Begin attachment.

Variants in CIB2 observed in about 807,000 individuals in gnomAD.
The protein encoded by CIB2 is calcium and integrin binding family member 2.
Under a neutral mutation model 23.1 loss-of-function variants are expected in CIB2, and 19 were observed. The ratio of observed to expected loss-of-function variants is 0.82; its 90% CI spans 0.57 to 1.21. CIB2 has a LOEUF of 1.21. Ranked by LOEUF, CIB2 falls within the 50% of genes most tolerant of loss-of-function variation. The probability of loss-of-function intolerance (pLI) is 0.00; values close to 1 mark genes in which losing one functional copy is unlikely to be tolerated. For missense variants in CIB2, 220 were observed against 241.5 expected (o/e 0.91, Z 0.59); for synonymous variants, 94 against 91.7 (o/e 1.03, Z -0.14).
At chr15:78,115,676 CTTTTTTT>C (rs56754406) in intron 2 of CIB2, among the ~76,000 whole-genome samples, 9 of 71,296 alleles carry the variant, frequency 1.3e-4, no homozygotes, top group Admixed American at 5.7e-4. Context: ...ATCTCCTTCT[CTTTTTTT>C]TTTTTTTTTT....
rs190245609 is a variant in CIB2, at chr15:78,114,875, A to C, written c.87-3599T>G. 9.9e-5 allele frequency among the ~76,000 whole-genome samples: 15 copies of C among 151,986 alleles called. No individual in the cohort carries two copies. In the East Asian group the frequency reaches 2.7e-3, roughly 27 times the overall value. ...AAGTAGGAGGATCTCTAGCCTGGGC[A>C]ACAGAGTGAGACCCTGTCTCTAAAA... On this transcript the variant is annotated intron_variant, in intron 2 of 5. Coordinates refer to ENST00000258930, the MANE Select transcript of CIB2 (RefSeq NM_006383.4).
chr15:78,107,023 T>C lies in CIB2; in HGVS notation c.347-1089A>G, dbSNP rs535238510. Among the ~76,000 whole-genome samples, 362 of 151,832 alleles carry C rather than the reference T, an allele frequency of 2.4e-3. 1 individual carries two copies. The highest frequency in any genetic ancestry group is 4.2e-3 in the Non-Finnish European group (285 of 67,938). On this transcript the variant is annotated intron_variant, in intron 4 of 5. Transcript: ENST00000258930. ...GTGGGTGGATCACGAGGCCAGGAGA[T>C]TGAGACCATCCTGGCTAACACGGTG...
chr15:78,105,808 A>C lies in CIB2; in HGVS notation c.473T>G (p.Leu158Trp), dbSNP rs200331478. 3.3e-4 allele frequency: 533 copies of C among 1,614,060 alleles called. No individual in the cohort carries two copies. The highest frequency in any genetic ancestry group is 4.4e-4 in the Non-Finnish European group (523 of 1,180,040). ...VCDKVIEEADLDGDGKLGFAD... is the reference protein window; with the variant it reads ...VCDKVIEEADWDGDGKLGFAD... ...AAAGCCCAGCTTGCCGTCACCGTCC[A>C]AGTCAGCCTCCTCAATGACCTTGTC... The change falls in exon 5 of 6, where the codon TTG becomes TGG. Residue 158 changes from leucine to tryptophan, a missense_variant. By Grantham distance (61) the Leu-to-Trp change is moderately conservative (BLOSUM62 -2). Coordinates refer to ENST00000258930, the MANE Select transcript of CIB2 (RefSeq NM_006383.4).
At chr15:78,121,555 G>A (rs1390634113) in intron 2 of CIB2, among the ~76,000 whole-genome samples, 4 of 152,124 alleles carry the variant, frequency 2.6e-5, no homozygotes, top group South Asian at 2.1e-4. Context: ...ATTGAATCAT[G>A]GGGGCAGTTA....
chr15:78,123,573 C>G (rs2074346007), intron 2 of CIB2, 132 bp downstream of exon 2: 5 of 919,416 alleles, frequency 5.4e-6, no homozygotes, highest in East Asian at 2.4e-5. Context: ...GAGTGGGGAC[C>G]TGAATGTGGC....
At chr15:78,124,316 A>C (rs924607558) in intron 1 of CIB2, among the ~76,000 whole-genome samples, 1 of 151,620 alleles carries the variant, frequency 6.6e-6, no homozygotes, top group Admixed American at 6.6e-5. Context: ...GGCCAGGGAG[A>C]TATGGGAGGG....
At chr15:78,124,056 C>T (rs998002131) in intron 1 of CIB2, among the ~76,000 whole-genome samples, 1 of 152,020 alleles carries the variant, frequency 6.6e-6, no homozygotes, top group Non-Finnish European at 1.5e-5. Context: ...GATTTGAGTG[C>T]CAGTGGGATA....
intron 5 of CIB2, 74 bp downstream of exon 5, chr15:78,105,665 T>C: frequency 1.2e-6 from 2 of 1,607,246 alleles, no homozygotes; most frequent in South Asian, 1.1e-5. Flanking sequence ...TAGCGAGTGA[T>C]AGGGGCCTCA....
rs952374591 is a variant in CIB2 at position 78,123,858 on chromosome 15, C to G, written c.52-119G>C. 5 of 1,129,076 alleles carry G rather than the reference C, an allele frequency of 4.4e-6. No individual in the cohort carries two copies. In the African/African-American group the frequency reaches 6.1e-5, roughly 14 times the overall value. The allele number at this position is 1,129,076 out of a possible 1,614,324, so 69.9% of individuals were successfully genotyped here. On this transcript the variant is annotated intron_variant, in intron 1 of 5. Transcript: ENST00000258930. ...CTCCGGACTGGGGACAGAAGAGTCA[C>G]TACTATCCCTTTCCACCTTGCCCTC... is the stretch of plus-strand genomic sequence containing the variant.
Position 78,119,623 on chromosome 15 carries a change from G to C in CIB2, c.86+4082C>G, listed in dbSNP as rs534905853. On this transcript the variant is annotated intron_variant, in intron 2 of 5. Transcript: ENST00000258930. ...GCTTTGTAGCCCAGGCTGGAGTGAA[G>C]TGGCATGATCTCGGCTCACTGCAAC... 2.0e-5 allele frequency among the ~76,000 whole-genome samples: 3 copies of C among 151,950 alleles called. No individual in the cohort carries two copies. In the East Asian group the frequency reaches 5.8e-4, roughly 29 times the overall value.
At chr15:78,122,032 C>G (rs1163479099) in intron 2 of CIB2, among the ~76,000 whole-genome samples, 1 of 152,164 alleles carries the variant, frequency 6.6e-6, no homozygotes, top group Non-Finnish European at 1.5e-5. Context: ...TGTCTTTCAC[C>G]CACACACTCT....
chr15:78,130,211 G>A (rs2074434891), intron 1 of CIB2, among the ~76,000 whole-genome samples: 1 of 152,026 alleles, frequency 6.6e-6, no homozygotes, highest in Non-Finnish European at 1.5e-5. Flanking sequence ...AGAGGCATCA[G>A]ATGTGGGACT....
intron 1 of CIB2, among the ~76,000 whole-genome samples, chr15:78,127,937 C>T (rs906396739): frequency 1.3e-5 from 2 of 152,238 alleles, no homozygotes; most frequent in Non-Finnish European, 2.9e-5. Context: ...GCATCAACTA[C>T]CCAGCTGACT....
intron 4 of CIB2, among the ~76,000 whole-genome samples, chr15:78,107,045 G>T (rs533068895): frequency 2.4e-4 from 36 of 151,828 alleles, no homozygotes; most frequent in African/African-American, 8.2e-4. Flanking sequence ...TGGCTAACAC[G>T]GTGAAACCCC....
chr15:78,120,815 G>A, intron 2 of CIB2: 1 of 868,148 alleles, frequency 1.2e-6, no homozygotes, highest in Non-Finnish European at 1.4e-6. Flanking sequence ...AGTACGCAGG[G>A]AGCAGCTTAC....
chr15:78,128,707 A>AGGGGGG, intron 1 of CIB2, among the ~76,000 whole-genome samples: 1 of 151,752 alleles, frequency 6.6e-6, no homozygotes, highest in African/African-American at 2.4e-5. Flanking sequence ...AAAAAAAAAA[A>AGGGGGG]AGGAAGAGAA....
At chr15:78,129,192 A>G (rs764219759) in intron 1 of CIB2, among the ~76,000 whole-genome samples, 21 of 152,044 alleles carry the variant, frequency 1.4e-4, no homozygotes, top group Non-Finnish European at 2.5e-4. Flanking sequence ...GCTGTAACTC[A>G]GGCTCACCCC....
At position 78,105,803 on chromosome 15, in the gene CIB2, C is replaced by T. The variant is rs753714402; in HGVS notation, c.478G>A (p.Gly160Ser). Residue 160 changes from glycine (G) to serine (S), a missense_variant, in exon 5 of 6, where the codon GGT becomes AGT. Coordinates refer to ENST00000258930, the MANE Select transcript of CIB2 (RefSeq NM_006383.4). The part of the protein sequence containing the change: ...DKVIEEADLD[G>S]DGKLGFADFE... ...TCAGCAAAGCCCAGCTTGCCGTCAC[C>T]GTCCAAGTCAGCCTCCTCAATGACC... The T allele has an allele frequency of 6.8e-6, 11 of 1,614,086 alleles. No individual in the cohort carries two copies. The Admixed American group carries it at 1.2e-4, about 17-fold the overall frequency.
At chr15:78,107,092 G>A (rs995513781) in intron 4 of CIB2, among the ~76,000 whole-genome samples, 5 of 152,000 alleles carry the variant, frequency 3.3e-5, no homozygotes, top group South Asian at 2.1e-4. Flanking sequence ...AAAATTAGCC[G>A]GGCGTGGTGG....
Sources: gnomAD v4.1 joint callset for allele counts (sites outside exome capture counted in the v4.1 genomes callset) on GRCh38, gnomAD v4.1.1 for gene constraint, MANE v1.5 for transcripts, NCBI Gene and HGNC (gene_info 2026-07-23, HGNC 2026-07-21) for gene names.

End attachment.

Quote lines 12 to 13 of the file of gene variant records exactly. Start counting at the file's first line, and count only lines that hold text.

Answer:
intron 5 of CIB2, 74 bp downstream of exon 5, chr15:78,105,665 T>C: frequency 1.2e-6 from 2 of 1,607,246 alleles, no homozygotes; most frequent in South Asian, 1.1e-5. Flanking sequence ...TAGCGAGTGA[T>C]AGGGGCCTCA....
rs952374591 is a variant in CIB2 at position 78,123,858 on chromosome 15, C to G, written c.52-119G>C. 5 of 1,129,076 alleles carry G rather than the reference C, an allele frequency of 4.4e-6. No individual in the cohort carries two copies. In the African/African-American group the frequency reaches 6.1e-5, roughly 14 times the overall value. The allele number at this position is 1,129,076 out of a possible 1,614,324, so 69.9% of individuals were successfully genotyped here. On this transcript the variant is annotated intron_variant, in intron 1 of 5. Transcript: ENST00000258930. ...CTCCGGACTGGGGACAGAAGAGTCA[C>G]TACTATCCCTTTCCACCTTGCCCTC... is the stretch of plus-strand genomic sequence containing the variant.